This superiority, Senior notes, is actually due to having no social structure in place in a group of strangers that forces them to create one. Whereas parents commonly believe that sending their children to school will socialize their children, it’s actually a rather horrific social structure that emerges. Since no structures are in place, adolescents put them there and try diligently to define themselves in a space where it’s really difficult to do.
The Ages of 15-25 Are Crucial
Think about this: she mentions the “reminiscence bump” that we all experience. This is the phenomenon of being given a series of prompts and recalling a disproportionate number of memories from adolescence as opposed to the rest of our lives. Many of our most vividly retained memories, the article states, are from ages 15 to 25. When you think about your strongest memories (either from disappointment to rage to elation) are they from those ages? Mine are, but I blame it on having an embarrassing pregnancy during that time. Sure, everyone was having sex, but I was getting caught at it. When I said that I thought my parents would kill me, I wasn’t engaging in hyperbole. I really couldn’t see any other way they would react.
It turns out that just before adolescence, the prefrontal cortex the part of the brain that governs our ability to reason, grasp abstractions, control impulses, and self-reflect undergoes a huge flurry of activity, giving young adults the intellectual capacity to form an identify, to develop the notion of a self. Any cultural stimuli we are exposed to during puberty can, therefore, make more of an impression, because we’re now perceiving them discerningly and metacognitively as things to sweep into our self-concepts or reject.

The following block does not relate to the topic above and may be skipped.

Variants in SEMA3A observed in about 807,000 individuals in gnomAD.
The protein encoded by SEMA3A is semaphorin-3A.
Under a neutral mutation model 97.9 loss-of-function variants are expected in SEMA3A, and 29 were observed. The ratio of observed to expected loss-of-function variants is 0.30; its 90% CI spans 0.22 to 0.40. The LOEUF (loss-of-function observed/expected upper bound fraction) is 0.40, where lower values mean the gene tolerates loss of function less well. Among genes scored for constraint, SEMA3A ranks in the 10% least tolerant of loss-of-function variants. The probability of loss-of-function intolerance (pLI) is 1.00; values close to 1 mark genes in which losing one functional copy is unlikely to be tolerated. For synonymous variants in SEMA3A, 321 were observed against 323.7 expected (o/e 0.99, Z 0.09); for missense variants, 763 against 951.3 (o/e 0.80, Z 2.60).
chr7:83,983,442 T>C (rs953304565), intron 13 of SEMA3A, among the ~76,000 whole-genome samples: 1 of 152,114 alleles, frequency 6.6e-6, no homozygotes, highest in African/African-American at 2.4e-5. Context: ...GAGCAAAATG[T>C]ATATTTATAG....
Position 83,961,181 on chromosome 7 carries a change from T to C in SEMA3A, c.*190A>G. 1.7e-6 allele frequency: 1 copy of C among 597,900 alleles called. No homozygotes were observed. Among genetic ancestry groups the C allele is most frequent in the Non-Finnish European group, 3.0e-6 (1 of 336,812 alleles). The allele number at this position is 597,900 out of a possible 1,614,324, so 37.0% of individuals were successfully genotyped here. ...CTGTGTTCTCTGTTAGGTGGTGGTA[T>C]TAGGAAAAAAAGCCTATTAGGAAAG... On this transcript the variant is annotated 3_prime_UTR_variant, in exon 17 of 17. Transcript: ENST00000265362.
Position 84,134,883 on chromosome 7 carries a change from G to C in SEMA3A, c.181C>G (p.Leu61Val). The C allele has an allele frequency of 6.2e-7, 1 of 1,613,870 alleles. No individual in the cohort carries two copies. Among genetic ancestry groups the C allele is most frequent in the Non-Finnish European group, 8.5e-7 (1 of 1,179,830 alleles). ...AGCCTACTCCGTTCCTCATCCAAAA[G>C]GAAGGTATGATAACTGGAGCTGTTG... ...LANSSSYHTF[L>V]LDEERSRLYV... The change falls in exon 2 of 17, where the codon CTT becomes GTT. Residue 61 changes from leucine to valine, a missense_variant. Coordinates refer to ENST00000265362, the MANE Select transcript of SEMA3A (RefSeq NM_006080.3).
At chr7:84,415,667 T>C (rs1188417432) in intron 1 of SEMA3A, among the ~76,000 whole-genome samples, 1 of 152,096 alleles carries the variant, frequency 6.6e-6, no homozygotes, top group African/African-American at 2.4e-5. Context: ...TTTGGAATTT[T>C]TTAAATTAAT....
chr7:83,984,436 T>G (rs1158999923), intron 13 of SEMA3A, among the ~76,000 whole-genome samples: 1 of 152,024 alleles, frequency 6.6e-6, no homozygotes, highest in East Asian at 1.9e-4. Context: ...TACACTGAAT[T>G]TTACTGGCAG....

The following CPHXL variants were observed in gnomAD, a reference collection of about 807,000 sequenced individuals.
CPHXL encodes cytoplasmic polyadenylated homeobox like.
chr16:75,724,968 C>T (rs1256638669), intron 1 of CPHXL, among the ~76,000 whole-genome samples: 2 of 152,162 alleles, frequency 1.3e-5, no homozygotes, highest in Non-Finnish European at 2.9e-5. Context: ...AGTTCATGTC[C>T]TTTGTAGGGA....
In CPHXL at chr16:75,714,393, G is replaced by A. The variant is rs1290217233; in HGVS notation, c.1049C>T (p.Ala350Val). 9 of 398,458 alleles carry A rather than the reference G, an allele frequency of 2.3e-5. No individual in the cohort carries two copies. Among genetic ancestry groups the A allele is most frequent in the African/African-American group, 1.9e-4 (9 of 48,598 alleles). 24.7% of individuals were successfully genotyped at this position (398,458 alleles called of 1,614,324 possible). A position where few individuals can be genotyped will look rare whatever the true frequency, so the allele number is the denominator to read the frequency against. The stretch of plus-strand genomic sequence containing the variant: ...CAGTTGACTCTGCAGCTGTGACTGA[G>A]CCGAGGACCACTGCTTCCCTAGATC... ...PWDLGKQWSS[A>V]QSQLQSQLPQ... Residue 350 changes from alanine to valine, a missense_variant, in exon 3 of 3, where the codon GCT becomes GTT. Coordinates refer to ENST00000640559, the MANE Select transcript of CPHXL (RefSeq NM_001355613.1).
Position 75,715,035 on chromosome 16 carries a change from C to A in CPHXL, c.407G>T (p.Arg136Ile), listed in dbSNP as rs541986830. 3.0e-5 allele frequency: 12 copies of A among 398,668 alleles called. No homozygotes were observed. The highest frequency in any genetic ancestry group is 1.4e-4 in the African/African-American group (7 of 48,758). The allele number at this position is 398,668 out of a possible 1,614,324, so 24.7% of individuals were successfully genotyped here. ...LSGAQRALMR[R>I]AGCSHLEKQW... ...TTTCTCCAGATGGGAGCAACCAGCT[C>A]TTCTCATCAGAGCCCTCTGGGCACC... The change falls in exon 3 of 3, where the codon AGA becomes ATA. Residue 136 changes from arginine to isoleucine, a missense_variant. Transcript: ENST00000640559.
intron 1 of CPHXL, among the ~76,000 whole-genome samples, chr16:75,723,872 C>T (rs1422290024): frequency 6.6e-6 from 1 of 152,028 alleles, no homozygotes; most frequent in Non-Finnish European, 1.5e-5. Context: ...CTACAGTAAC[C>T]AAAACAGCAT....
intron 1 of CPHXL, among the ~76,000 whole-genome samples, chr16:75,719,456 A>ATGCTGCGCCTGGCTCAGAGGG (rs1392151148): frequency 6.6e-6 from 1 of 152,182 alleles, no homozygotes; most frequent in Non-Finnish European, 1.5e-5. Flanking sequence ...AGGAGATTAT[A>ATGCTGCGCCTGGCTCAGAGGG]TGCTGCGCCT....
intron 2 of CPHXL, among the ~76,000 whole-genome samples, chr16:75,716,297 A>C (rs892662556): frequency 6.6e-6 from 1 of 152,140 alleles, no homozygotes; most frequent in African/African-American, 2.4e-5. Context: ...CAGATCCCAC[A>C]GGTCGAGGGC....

Adolescence is Why We Remember Silly Things
Think about how many songs you can remember from adolescence. The sheer number of lyrics that come to mind when I listen to them now as an adult past 40 is truly astounding. How do I remember all that? I wonder. It turns out that my brain, in my teens and early 20s, was still being formed so when I listened to “The Message” by Grandmaster Flash & The Furious Five I had no idea how solidly I was forming the neural pathways to my brain nor did I realize that I would recall the lyrics with perfection decades later.
Another interesting notion from the article actually helps me as a parent to teens as well as an administrator in a middle school. Adolescents, it seems, feel more intensely because of the dopamine in their brains. This could explain why many adults refer to them as “dramatic” in schools, because they have such strong and intense feelings over what adults would consider “little things”. The things that we know are really going to be okay (school crushes, relationship break-ups, failing a big test) don’t seem that way to them because of how zealously they feel them. Human brains don’t finish developing until a person is in their mid-twenties because it’s continuing to add myelin, the white substance that helps form neural connections in the brain.
That brings me back to something that I cannot forget from those formative years from my high school and something that summed it up for me:
It’s like a jungle sometimes it makes me wonder how I keep from going under.
Remember that as you’re raising teenagers, especially if you’ve tried to block out those years. It’s a pretty rough time out there for them.
For fun, be sure to check out Irina Werning’s photo project called ‘Back to the Future’ that Jennifer Senior uses in her article.